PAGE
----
Death is considered impure, and affects the whole family of the dead, who remain impure for a period of time. In contrast to the practice of cremating the dead, Romani dead must be buried.[124] Cremation and burial are both known from the time of the Rigveda, and both are widely practiced in Hinduism today (although the tendency for Hindus groups is to burn, while some communities in South India tend to bury their dead).[125] Some animals are also considered impure, for instance cats because they lick their hindquarters. Horses, in contrast, are not considered impure because they cannot.


    The ancestors of modern day Romani people were previously Hindu, but adopted Christianity or Islam depending on their respective regions they had migrated through.[128] Muslim Roma are found in Turkey, Bosnia and Herzegovina, Albania, Egypt, Kosovo, Republic of Macedonia, Bulgaria and form a very significant proportion of the Romani people.

    Deities and saints
    Blessed Ceferino Giménez Malla is considered a patron saint of the Romani people in Roman Catholicism.[129] Saint Sarah, or Kali Sara, has also been venerated as a patron saint in the same manner as the Blessed Ceferino Giménez Malla, but a transition has occurred in the 21st century, whereby Kali Sara is understood as an Indian deity brought from India by the refugee ancestors of the Roma people, thereby removing any Christian association. Mother Goddess figurines have been found in the excavations of the Indus Valley Civilisation in Mohenjo Daro and Harappa, in the Sindh - Punjab - Haryana area [Some Romani claim Punjab to be their original habitat], and Kali Mata [Mother Kali] is still worshipped in India particularly by the Hindus. Therefore, Saint Sarah is now progressively being considered as "a Romani Goddess, the Protectress of the Roma" and an "indisputable link with Mother India".[90][130]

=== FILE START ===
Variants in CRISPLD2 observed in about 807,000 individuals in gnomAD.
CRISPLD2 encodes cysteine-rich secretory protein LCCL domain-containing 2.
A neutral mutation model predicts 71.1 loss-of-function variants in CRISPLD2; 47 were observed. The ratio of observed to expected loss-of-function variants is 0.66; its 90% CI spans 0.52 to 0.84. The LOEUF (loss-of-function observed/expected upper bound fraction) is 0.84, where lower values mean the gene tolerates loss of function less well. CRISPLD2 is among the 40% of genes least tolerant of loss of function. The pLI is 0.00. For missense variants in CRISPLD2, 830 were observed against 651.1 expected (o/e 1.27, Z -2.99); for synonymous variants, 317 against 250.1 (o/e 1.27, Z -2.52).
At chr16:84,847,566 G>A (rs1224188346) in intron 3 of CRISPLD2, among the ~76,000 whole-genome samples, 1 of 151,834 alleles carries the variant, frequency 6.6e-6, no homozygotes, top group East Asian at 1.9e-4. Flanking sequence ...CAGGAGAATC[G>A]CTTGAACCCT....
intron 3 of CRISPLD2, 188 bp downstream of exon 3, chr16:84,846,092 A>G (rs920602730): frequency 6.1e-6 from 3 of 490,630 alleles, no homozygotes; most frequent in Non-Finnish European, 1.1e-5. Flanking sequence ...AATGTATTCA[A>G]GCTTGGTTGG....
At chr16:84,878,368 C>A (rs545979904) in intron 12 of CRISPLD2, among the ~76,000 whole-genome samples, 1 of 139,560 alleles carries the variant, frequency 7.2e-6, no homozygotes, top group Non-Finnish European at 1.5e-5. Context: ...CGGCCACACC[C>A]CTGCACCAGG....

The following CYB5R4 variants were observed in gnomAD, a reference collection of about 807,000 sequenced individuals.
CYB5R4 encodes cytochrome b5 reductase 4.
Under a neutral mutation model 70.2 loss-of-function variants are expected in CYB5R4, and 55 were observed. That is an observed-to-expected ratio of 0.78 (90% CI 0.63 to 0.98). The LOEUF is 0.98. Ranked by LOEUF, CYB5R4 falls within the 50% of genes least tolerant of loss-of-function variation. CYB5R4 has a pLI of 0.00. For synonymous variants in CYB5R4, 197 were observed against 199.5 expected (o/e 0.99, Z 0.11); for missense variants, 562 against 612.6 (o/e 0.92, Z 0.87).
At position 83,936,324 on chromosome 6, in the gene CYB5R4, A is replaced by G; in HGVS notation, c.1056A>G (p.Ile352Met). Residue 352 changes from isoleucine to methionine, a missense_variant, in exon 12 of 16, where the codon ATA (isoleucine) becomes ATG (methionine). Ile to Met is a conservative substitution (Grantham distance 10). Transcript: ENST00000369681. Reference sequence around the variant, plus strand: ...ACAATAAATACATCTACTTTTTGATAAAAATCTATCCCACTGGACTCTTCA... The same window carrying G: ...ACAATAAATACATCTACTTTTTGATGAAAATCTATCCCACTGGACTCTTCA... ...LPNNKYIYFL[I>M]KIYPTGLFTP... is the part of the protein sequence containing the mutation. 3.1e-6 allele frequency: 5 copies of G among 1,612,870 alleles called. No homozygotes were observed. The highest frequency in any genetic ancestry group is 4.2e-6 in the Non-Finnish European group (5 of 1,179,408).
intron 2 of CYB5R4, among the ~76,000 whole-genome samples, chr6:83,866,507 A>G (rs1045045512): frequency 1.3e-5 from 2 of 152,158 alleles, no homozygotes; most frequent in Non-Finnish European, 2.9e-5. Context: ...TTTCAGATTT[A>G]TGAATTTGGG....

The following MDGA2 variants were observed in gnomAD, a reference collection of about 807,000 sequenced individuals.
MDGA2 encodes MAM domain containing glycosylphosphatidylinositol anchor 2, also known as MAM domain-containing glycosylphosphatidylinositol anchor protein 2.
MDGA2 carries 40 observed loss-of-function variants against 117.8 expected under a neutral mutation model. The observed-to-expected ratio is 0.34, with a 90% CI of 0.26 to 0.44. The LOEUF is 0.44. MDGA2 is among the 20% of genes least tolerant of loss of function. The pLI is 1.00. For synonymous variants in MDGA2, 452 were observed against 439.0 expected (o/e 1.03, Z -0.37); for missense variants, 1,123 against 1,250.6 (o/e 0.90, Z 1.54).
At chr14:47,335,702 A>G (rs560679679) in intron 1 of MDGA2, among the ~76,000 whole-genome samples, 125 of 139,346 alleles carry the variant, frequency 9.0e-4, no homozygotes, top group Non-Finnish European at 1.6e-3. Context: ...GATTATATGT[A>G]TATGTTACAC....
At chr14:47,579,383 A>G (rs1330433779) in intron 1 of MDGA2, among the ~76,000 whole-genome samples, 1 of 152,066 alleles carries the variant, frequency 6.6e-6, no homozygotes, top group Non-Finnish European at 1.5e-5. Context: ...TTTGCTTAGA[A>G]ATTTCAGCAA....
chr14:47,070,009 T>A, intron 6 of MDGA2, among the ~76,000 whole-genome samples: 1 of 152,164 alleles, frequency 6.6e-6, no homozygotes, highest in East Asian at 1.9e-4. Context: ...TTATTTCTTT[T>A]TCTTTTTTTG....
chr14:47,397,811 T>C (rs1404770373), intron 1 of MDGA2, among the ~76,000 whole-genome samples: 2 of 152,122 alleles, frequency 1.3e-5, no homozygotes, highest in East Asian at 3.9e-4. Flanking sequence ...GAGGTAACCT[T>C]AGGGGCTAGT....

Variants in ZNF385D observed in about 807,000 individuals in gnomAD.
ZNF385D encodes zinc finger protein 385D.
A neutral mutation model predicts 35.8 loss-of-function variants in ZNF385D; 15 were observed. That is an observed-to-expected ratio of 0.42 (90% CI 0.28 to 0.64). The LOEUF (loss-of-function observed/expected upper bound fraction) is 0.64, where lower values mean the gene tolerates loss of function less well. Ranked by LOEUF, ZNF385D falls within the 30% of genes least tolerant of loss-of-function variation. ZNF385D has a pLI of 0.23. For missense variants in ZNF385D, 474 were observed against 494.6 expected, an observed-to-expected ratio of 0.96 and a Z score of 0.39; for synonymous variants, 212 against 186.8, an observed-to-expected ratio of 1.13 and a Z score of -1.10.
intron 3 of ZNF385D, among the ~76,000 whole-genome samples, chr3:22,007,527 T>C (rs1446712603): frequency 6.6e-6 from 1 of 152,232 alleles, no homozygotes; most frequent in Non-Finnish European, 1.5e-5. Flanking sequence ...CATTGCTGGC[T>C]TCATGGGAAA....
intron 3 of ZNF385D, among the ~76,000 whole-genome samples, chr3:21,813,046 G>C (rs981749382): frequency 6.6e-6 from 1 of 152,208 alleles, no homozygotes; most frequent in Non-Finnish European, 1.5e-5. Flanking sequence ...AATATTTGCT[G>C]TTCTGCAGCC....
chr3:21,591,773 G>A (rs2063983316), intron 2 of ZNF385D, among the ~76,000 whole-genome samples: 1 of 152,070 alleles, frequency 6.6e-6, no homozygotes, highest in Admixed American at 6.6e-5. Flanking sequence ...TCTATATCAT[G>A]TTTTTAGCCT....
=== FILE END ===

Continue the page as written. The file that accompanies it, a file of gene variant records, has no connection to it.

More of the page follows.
Ceremonies and practices
    Romanies often adopt the dominant religion of their host country in the event that a ceremony associated with a formal religious institution is necessary, such as a baptism or funeral (their particular belief systems and indigenous religion and worship remain preserved regardless of such adoption processes). The Roma continue to practice "Shaktism", a practice with origins in India, whereby a female consort is required for the worship of a god. Adherence to this practice means that for the Roma who worship a Christian God, prayer is conducted through the Virgin Mary, or her mother, Saint Anne—Shaktism continues over one thousand years after the people's separation from India.[131]

    Besides the Roma elders, who serve as spiritual leaders, priests, churches, or bibles do not exist among the Romanies—the only exception is the Pentecostal Roma.